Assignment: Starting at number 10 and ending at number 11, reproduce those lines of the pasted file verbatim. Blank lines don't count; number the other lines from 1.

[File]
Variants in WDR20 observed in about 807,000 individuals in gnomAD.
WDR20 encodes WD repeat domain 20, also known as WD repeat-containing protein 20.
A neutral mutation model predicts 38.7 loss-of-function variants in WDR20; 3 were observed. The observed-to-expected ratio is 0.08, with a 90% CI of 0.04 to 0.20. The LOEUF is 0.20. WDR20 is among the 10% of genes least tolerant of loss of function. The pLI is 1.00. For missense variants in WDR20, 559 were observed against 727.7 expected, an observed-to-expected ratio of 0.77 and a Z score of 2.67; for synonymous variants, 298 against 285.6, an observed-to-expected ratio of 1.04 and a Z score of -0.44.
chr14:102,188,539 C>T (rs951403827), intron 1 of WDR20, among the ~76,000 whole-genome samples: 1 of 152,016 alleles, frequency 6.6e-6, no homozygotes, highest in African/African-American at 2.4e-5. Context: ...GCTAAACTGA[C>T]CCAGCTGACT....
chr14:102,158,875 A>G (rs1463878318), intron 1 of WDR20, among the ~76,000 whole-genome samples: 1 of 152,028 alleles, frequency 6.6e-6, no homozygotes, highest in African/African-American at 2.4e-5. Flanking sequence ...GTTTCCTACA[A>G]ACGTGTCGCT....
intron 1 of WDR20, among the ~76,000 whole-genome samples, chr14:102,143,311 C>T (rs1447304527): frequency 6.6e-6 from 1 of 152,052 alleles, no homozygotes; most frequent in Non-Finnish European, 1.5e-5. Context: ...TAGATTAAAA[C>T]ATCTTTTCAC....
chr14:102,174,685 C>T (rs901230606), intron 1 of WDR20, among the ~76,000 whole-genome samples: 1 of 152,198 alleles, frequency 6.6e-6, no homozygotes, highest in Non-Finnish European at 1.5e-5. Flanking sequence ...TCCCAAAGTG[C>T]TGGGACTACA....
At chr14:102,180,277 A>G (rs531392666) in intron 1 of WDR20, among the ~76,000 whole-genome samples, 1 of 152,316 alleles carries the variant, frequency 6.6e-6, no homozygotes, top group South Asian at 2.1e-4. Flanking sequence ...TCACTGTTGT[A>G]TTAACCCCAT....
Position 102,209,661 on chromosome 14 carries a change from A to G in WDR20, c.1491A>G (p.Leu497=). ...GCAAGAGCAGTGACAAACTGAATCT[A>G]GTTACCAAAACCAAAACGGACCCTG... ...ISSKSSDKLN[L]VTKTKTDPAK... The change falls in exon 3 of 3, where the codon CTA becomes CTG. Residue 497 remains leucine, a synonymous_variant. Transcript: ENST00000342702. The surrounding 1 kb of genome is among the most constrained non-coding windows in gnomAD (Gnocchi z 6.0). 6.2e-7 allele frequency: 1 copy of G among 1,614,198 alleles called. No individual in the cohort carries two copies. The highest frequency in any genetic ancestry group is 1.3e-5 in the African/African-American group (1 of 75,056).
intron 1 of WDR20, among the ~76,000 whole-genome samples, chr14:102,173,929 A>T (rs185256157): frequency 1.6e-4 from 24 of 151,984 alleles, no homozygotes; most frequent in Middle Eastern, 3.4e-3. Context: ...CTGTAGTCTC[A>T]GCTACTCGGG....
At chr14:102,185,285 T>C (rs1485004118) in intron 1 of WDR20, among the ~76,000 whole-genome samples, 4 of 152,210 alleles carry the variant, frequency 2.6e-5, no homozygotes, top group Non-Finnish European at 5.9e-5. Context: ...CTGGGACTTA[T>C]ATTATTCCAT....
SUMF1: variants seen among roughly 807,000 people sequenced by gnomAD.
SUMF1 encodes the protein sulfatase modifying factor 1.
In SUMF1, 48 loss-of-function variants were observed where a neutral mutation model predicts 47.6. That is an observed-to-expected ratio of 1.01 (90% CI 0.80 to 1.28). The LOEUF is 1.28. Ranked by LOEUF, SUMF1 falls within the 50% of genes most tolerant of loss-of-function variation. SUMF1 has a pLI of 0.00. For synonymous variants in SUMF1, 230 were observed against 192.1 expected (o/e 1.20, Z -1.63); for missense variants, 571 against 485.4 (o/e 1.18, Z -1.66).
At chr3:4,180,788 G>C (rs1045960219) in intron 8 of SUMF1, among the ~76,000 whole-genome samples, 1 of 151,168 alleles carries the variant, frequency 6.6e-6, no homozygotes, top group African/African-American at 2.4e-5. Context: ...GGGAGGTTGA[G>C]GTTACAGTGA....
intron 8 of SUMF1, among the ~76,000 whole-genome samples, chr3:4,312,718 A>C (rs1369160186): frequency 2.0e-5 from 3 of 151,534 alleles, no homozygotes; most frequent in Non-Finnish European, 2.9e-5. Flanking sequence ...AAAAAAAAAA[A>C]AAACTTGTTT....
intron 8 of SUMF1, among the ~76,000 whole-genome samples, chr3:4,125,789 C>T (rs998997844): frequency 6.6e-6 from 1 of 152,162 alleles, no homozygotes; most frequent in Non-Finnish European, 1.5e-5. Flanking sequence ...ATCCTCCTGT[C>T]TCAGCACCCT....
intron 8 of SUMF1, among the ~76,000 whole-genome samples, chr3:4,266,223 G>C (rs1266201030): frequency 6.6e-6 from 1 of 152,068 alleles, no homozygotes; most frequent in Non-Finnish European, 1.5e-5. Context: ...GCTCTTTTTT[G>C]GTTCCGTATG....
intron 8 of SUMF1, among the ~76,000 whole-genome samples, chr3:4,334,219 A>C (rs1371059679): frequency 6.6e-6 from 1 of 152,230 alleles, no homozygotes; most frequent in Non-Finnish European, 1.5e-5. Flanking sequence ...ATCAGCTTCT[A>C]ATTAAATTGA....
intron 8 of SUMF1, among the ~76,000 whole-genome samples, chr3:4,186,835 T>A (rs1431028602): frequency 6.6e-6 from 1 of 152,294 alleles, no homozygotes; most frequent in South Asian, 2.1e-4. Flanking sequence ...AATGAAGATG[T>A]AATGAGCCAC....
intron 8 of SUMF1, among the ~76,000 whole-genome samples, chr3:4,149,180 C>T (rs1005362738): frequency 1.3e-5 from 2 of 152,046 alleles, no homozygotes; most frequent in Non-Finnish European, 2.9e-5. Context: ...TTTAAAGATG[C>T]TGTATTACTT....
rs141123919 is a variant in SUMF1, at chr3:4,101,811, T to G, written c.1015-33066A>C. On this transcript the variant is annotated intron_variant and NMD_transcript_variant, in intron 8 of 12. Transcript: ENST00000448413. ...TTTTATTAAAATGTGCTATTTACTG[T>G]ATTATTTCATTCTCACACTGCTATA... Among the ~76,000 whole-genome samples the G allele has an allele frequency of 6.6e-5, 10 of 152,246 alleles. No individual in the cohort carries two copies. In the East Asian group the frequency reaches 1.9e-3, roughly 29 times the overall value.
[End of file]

intron 1 of WDR20, among the ~76,000 whole-genome samples, chr14:102,173,929 A>T (rs185256157): frequency 1.6e-4 from 24 of 151,984 alleles, no homozygotes; most frequent in Middle Eastern, 3.4e-3. Context: ...CTGTAGTCTC[A>T]GCTACTCGGG....
At chr14:102,185,285 T>C (rs1485004118) in intron 1 of WDR20, among the ~76,000 whole-genome samples, 4 of 152,210 alleles carry the variant, frequency 2.6e-5, no homozygotes, top group Non-Finnish European at 5.9e-5. Context: ...CTGGGACTTA[T>C]ATTATTCCAT....